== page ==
AI algorithms have repeatedly been racist, sexist and, well, biased. The problem is, the industry itself does not even know what lies under the surface. “In the world of AI, it is common knowledge that there are potential issues and pitfalls with the technology,” says Heather Evans, advisor in advanced technologies for the Ministry of Economic  Development and Growth of Ontario, Canada. “But there is not yet a good understanding of what these broad issues are.”

However, awareness is growing, and there are solutions out there regarding biased algorithms. “It is never too late! These codes are written by human beings. A lot of these biases come from poor data. You have to add more data, diversify the data, and retrain the model,” says Khanna.

Khanna can also imagine AI looking after itself eventually. “AI could be programmed to inspect other algorithms as they evolve and get fed more data.”

Heather Evans, Photographer: Lukas Rapp, Tobias Schreiner
A diverse team: the win-win situation

A diverse company culture not only helps create products that are fit for a broader audience, but also products that last longer. “If the objective of a team is to create a product which delivers a service, then your customers are probably a diverse group of people,” Evans says. “You need to understand them, and it is very hard to understand the perspective of someone whose life experience is so different than your own.”

So why does the tech industry have such a hard time creating truly diverse workplaces? Some insiders blame the pipeline. “In engineering, there are definitely fewer female candidates with minority backgrounds who have a wide range and depth of experience,” explains Pavan Kumar, co-founder & CTO of Cocoon Cam, which develops smart monitors to screen babies while they are sleeping. Kumar knows from first-hand experience how hard it is to create diversity in a start-up; 90 percent of the applications he gets are from men. What, then, is the best way to hire people from different backgrounds, ages, genders, and perspectives?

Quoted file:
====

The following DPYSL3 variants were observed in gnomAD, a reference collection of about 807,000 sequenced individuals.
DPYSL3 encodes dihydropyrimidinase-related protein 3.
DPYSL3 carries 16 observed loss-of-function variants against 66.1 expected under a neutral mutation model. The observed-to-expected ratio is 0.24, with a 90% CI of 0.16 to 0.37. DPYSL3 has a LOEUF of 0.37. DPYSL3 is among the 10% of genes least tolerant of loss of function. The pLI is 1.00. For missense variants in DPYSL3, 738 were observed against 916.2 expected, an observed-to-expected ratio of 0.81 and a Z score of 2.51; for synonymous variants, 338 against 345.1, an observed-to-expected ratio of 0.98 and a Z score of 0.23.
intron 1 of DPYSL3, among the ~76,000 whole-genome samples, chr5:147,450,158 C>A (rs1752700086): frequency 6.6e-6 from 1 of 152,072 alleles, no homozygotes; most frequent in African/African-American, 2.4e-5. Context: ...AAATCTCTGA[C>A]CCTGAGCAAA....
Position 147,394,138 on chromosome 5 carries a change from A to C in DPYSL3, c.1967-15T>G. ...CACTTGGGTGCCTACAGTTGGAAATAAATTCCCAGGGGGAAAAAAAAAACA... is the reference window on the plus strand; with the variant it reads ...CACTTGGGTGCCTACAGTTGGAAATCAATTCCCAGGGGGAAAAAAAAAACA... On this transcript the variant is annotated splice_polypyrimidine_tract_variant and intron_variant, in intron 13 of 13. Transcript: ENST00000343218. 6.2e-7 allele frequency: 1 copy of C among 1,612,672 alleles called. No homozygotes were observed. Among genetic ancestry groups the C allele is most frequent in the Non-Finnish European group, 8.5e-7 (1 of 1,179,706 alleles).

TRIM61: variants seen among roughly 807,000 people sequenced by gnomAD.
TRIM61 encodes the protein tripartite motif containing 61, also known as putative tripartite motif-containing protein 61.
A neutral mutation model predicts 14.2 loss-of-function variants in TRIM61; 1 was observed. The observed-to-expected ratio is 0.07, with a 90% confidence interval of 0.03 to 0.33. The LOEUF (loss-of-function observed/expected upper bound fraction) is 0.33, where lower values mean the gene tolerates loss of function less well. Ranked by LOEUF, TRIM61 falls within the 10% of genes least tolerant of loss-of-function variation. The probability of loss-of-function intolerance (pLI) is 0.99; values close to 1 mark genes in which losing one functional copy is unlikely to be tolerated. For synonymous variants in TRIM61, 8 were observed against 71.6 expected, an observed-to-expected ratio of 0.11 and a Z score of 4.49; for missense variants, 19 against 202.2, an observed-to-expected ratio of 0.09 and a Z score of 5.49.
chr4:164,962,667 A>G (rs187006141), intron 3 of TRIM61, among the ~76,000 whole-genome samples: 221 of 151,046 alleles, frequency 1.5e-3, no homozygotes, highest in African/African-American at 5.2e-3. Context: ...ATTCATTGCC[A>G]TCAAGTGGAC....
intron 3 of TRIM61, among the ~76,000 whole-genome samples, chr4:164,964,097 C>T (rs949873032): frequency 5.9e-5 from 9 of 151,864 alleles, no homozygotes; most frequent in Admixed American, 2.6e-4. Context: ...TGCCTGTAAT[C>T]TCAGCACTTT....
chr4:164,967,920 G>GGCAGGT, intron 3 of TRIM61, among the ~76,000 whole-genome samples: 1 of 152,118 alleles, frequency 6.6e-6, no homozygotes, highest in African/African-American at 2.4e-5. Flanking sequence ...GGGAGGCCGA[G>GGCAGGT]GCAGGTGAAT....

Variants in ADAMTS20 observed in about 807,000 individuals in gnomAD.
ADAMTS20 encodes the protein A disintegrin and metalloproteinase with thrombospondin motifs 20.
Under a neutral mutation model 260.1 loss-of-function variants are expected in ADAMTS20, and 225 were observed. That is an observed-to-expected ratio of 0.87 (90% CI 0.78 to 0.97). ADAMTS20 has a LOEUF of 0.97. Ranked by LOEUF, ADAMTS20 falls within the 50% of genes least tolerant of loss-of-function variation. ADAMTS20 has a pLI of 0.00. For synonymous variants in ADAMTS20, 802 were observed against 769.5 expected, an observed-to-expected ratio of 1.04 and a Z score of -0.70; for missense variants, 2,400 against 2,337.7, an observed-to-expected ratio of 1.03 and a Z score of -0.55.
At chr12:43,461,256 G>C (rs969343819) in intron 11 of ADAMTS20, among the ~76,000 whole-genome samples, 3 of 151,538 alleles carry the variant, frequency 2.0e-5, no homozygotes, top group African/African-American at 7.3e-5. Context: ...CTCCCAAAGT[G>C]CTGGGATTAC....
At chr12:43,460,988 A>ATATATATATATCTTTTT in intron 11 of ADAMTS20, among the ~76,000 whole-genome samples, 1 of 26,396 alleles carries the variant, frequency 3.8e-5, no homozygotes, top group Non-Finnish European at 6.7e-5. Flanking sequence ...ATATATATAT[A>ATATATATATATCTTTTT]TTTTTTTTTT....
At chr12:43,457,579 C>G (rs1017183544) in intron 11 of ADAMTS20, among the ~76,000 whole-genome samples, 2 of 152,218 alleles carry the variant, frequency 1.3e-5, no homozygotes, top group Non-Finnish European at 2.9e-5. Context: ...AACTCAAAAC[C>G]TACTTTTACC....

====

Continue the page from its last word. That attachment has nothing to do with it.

According to Zabeen Hirji, advisor on the future of work at Deloitte, the answer lies in changing the human resources department. “When you are going to hire from  universities, you should take care to attract a diverse group of students,” she says. “And that means that the people you send on campus recruiting visits should actually be diverse.”

Khanna, meanwhile, argues that the solution lies in broadening the company’s reach. “I look increasingly at hiring digital talents, people who work remotely,” she says. “The moment I expanded my horizons, both in terms of geographical boundaries and whether I was hiring someone full time, part time, or as a consultant, my pool of talents got much bigger, and there was a higher chance that I found diverse talents.”

Just hiring a diverse team is not enough: Companies must also include everyone in the debate. “As a leader, you want to empower your team so that they can have an opinion, so that they are heard,” says Evans. “Because it is one thing for someone to have a comment, and it is another thing to be taken seriously.”

Everyone, in other words, is responsible for creating representative AI. “We have to demand transparency and accountability with our algorithms,” says Khanna. “We cannot be passive: We have to force and compel ourselves as human beings, but also the companies and the governments, to provide that sort of accountability.”